It bugs me a little bit with the stereotyping, but is pretty much average
for what the studio was putting out with the Non-Mickey stuff at the time.
The titular plate gives this an interesting framework, as the short opens with a wide shot of the plate, featuring items painted on the plate that will feature prominently in the short. It allows things to be set up and also bookended with the plate’s image. It also puts into play a new paradigm of ancient art serving as a means of storytelling.
Once we get into the story itself, there are some early dance sequences that take up the time. We are introduced to the big heavy, the lord of the castle, and his servants. The next sequence has three dancing umbrella girls, before revealing our protagonist. It’s a fantastic reveal, as we see a dragon face coming straight towards the camera a couple times, before the dragon retracts, revealing that it was a painted umbrella. Behind the umbrella is our heroine.
She proceeds out of the palace to chase a butterfly, ending up falling in the river. A young boy who has been fishing there rescues her, and of course they fall in love. What’s more interesting to me is the boy’s fishing method of lowering a bird into the water, and the bird captures the fish before spitting it out into the boat. It’s a wonderful gag.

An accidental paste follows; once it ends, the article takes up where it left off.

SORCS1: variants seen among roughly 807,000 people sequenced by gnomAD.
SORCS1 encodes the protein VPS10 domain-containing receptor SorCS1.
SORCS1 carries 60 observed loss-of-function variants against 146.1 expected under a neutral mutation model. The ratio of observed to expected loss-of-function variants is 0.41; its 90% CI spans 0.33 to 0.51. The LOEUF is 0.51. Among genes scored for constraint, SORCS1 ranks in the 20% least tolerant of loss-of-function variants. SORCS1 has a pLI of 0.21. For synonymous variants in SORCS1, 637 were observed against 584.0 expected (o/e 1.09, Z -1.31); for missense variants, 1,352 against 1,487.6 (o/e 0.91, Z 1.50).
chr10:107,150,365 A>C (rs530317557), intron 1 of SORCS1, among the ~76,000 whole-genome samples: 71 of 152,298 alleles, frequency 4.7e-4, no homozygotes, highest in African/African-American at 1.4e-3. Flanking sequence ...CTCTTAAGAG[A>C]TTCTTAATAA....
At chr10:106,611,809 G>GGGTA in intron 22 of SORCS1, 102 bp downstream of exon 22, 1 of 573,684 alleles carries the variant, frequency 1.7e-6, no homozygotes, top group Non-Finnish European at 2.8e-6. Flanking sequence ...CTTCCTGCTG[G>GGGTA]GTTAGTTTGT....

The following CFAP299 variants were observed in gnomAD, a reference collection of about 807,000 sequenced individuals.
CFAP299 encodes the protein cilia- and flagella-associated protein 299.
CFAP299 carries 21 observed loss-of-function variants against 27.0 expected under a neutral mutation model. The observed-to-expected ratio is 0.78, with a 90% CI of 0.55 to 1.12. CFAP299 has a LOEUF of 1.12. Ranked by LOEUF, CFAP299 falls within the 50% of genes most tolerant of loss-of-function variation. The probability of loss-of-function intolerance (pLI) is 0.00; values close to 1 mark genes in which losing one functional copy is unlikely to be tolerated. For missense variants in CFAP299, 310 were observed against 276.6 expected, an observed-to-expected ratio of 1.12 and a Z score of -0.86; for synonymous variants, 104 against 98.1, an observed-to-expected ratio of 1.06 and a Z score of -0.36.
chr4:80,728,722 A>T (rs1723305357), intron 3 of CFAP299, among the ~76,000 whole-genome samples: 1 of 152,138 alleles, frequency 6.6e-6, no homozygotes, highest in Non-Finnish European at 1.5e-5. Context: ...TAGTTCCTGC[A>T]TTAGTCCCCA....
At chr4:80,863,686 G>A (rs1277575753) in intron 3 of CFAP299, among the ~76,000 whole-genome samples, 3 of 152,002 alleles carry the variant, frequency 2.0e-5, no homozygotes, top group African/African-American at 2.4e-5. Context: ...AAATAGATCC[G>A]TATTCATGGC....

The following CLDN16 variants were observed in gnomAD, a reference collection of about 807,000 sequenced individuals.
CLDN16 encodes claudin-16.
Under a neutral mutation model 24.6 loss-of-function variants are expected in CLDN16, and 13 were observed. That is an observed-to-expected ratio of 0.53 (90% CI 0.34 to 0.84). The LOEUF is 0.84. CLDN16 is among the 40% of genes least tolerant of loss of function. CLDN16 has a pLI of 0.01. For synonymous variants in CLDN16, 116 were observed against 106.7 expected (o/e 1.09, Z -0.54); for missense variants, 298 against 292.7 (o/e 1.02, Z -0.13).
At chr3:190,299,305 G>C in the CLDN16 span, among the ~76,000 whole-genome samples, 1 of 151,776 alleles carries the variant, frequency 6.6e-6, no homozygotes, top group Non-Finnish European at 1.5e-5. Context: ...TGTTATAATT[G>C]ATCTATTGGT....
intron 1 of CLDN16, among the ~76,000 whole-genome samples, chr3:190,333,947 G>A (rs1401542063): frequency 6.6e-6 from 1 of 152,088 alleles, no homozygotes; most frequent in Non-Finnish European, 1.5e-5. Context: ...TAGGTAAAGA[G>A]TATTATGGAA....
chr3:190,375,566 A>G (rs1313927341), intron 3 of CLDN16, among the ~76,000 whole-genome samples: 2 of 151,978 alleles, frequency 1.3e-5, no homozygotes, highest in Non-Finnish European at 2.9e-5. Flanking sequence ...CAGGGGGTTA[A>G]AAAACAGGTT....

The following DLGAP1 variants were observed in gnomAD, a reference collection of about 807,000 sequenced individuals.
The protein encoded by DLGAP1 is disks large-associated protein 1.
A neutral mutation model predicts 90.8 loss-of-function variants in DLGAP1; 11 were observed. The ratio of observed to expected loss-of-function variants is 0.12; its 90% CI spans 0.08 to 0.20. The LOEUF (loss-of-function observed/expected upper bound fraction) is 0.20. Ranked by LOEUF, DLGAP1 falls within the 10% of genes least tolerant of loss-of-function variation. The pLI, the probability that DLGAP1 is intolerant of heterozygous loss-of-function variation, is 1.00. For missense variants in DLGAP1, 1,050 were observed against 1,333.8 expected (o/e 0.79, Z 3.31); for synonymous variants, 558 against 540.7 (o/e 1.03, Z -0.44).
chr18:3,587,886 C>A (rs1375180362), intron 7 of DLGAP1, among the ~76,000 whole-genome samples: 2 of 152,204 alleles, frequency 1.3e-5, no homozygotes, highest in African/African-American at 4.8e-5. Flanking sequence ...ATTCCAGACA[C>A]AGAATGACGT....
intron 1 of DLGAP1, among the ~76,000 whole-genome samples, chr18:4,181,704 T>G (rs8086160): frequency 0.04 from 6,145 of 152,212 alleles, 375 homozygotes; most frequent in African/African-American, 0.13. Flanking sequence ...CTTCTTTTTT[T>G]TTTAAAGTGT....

Of course, the young lovers must face obstacles. There are two big ones that get in the way – the lord and a dragon. The big lord (is that the right word for a feudal master in China?) gets upset when the boy tries to capture the butterfly and ends up hopping on the man’s head. He and his sweetheart run from the man, and manage to get a way only when he wanders into the open mouth of a sleeping dragon.
The dragon is defeated as well by the two young lovers, when they roll a boulder down a hill into its mouth. The dragon then is unable to pursue them, leaving them free to escape. The dragon is a great creature, though, and is a precursor to things like Maleficent in
As I said, The China Plate isn’t exactly groundbreaking. The animation is fairly simple, with some interesting gags like the umbrella reveal. But there’s not a lot of personality in the characters, beyond the simple expressions of anger or love. I think it’s very interesting, though, to see the animators playing with a different atmosphere other than a barnyard/nature setting. It shows that there are different skills among the animators that can be shown in more than just the barnyard. That’s very important in its own way.
The bird in this cartoon is a cormorant and the fishing 'gag' is actually based on a real method of fishing from China and the far East. Unable to swallow any of the big fish themselves due to a ring round their neck, the birds catch the fish for the fisherman. The villain is referred to as an Emperor in all the Willow Pattern story books I have read.
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